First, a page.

Tuesday, June 12, 2012

Dealing with Narrow-Minded Association Boards

At the NE-SAE conference last week, I facilitated a breakout session around the theme of dealing with narrow-minded boards.

Some of the issues that surfaced in the discussion and in calls over the last few months:
  1. Our governance structure doesn’t work. Too complex. We just can’t make decisions.
  2. The board doesn’t respect me and let’s me know it.
  3. Our board is composed of Boomers most of who have no idea of how to work with Millenials.
  4. We’re slow to change. Board keeps wanting more information before they will make a decision.
  5. The board keeps adding new things but rarely deletes projects. They have no idea of what staff does nor how long it takes.
Since several of these questions surfaced in a pre-conference survey, I was able to create a short PPT on the key topics. And, included some of the potential solutions.

Here are some brief answers to the five questions above:
1. Our governance structure doesn’t work. It’s too complex. We just can’t make decisions.
  •  Streamline. Document the cost of a complex government and big board. Give a copy of Race for Relevance to each board member and then discuss the findings and solutions at a future meeting.
2. The board doesn’t respect me and let’s me know it.
  •  Do what you can do but remember “It’s their organization not yours but its your career not theirs.” You may find it is time to move on. Remember, it’s easier to get a job when you have a job so start looking now. Before departing, you may want to bring in a third party to help.
3. Our board is composed of Boomers most of who have no idea of how to work with Millenials.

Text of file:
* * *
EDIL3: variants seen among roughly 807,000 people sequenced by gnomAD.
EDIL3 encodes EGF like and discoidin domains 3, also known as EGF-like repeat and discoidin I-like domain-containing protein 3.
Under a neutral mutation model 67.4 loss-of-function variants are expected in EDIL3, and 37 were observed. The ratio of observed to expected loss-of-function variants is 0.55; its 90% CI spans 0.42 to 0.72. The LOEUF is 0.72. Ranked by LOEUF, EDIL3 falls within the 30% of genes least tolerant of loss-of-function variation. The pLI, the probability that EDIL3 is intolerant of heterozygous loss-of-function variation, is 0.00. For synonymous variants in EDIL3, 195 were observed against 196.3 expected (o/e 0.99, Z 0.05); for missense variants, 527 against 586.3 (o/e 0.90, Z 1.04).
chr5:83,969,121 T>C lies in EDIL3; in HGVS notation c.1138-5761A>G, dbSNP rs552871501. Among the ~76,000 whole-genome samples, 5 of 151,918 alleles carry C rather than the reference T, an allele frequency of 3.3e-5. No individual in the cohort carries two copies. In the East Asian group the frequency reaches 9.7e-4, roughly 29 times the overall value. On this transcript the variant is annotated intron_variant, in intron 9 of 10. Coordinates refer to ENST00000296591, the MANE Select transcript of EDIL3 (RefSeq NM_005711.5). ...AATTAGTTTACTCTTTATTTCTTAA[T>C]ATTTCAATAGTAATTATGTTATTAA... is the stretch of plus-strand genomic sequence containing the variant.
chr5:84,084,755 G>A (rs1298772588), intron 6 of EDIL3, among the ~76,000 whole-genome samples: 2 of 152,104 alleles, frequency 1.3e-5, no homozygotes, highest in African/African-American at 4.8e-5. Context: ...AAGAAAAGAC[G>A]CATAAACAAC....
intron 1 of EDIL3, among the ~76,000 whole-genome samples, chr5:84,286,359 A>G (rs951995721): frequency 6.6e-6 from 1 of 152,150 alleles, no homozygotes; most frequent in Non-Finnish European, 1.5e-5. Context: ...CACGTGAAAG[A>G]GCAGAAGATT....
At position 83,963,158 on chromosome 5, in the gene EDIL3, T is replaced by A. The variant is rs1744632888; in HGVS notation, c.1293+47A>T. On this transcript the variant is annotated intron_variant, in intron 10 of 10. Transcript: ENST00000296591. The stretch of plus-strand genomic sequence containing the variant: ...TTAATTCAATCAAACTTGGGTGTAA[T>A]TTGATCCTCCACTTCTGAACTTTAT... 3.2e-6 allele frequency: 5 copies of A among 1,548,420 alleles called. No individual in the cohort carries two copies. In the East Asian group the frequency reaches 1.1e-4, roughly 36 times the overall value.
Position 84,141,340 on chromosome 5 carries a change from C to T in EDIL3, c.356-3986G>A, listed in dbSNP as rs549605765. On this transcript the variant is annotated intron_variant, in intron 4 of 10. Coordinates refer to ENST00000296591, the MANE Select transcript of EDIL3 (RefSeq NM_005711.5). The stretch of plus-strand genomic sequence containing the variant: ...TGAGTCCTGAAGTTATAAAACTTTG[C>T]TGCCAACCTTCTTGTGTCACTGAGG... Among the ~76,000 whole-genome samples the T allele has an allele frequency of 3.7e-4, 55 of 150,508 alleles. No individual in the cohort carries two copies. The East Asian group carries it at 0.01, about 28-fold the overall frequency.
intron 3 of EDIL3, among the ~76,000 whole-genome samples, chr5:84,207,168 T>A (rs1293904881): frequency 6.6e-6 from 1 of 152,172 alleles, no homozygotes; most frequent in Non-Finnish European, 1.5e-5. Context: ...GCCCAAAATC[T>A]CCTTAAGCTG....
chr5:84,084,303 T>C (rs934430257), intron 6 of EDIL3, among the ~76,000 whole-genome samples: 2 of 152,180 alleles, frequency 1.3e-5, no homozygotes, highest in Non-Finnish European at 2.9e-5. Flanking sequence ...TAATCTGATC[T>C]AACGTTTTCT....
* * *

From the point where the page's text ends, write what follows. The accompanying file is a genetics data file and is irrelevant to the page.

•  Find ways to get your board to think about the future. Perhaps using the Strategic Intent planning model. Share generational research data with your boards. Invite a group of millenials to speak to the board. One of my former clients conducted focus groups of millenials in front of their members (at conference).
4. We’re slow to change. Board keeps wanting more information before they will make a decision.
  • Find champions (on the board) to “nudge” it to act. Set deadlines. Help the board understand the “produce, launch, improve model” many tech companies usetoday. Assign the project to a small task group designed to reach consensus and present recommendations to the Board. Use facilitation processes that encourage discussion and innovation. Consider bringing non board members to the table ... especially if they offer different perspectives.

5. The board keeps adding new things but rarely deletes projects. They have no idea of what staff does nor how long it takes.
  •  Track all time spent on all programs/services. Share hours allocation with your treasurer and/or president. Invite them to review and present to the board. Create a system that develops time as well as financial costs of new projects. Develop a policy of what can be added and how. (Note: find ways to build flexibility into the system so you don’t miss a huge opportunity because it is difficult to move through the process. This might be by having an “unanticipated opportunities” category in your budget and time allocation.)
Do you have similar challenges? What are you doing to overcome them?

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